Relying on federal, state and local governments, which may or may not be prepared, is not an option, said Andy van Roon, a member of the community group PREP 2000, which stands for Promoting Responsible Emergency Preparedness.
'It's too late in the Y2K curve to do anything at this point but organize clear, simple, effective plans of action to distribute practical information to the American public about how to prepare for whatever may occur,' said van Roon, a filmmaker who has produced a documentary, 'The Y2K Family Survival Guide,' hosted by Leonard Nimoy. 'I think the bottom line is that we, the people, need to take it to the rest of the people regarding Y2K awareness and preparation.'
The Y2K phenomenon is essentially an electronic glitch -- the result of software written to recognize years in only two digits. So on Jan. 1, 2000, some software will read it as 1/1/00, which the computer may interpret as 1900. If software isn't reprogrammed correctly, some computer systems may crash, possibly affecting utilities, retailers, financial institutions and government entities.
PREP 2000's plan of action is a Sept. 9 all-day town meeting in Nashville.
'The basic idea is to invite a couple hundred civic leaders, mayors from surrounding towns, groups like the Sertoma Club, church leaders and anyone who has a constituency,' said van Roon.
A simple Y2K Prep Sheet, which outlines steps on preparing for millennium glitches, will be distributed at of the town meeting.
'A lot of it is similar to what the Red Cross is putting out, like collecting food, water, alternate sources of heat and light and how to handle sanitation,' said Nell Levin, who heads up PREP 2000.
Leaders attending the town meeting will be given the prep sheets and encouraged to copy them, hold their own meetings for their respective constituencies and pass the sheets out en masse, van Roon said.
'It's kind of a spiraling network,' Levin said.
'This model could easily work around the country over the next several months,' van Roon said. 'We need to take the information directly to the people all across this country via a simple strategy to distribute easy-to-understand Y2K prep material that can be replicated and redisbursed via individuals, families and community groups.'
The idea is simple, but it encourages and shows households exactly how to prepare, he said.
'People are making (Y2K) needlessly complex,' van Roon said. 'If they just get ready in the basics -- food, water, shelter and medicine -- everybody will be okay.'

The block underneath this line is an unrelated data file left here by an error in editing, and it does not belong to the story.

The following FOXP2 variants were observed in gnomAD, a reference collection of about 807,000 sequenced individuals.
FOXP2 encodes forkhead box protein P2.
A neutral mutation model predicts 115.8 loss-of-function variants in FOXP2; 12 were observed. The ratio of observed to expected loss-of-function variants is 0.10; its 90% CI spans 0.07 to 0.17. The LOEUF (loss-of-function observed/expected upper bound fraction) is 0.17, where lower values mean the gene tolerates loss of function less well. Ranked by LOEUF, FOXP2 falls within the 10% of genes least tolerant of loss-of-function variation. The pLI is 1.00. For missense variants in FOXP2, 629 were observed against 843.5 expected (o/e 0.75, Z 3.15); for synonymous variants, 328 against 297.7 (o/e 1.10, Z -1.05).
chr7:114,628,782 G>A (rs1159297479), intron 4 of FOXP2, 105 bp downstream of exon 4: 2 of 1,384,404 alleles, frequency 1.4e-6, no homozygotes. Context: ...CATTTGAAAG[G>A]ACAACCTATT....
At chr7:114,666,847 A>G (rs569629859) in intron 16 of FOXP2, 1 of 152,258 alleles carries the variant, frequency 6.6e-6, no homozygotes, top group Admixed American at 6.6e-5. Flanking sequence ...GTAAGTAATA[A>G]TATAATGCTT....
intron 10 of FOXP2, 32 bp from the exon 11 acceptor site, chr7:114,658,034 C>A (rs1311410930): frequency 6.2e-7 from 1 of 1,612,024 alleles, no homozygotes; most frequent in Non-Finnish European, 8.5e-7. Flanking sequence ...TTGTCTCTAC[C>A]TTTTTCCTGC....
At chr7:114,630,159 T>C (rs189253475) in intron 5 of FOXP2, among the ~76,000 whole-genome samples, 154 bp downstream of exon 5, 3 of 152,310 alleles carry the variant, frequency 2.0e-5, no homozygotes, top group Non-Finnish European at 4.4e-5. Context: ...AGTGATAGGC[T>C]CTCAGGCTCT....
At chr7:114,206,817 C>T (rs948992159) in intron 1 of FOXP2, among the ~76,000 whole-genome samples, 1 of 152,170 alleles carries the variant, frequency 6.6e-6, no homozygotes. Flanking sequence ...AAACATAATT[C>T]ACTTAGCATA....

The Prep Sheet's guidelines will suggest simple, oft-advised preparations on storing at least two week's worth of food, stockpiling one gallon of water per person per day, getting alternative heat and light sources such as kerosene stoves and lanterns and having adequate prescription medications, Levin said.
'We are not going to reinvent the wheel,' Levin said. 'These are just basic preparations.'
The prep sheets will illustrate how neighborhoods can analyze resources so everyone benefits, Levin said. 'It's kind of inventorying what is going on in the immediate neighborhood so everyone can pull together in a time of crisis,' she said.
For example, someone who owns a chain saw can make it available to others or an elderly or disabled neighbor may need extra attention, she explained.
As simple as the guidelines are, most people Levin and van Roon have encountered have made no Y2K preparations.
'The biggest problem we've encountered is folks just are not hip to it,' van Roon said. 'The real challenge is, most of the American public, though they've been exposed to this term Y2K, they have not paid a lot of attention to it.'
But things are slowly changing as Jan. 1 draws near, Levin said.
'It's starting to get on the radar screen for some,' she said. 'I think come September and November, things are going to get pretty crazy.'
But PREP 2000 will remain active throughout, Levin said.
'We see our role as pushing from the bottom up to get people to do something about Y2K,' Levin said. 'We see ourselves as a watchdog grassroots organization looking out for the common citizens in Nashville.'
Contacts: Andy van Roon, member, PREP 2000 (Promoting Responsible Emergency Preparedness), Nashville, Tenn., 615-851-1711. Nell Levin, organizer, PREP 2000, Nashville, Tenn., 615-329-9331.
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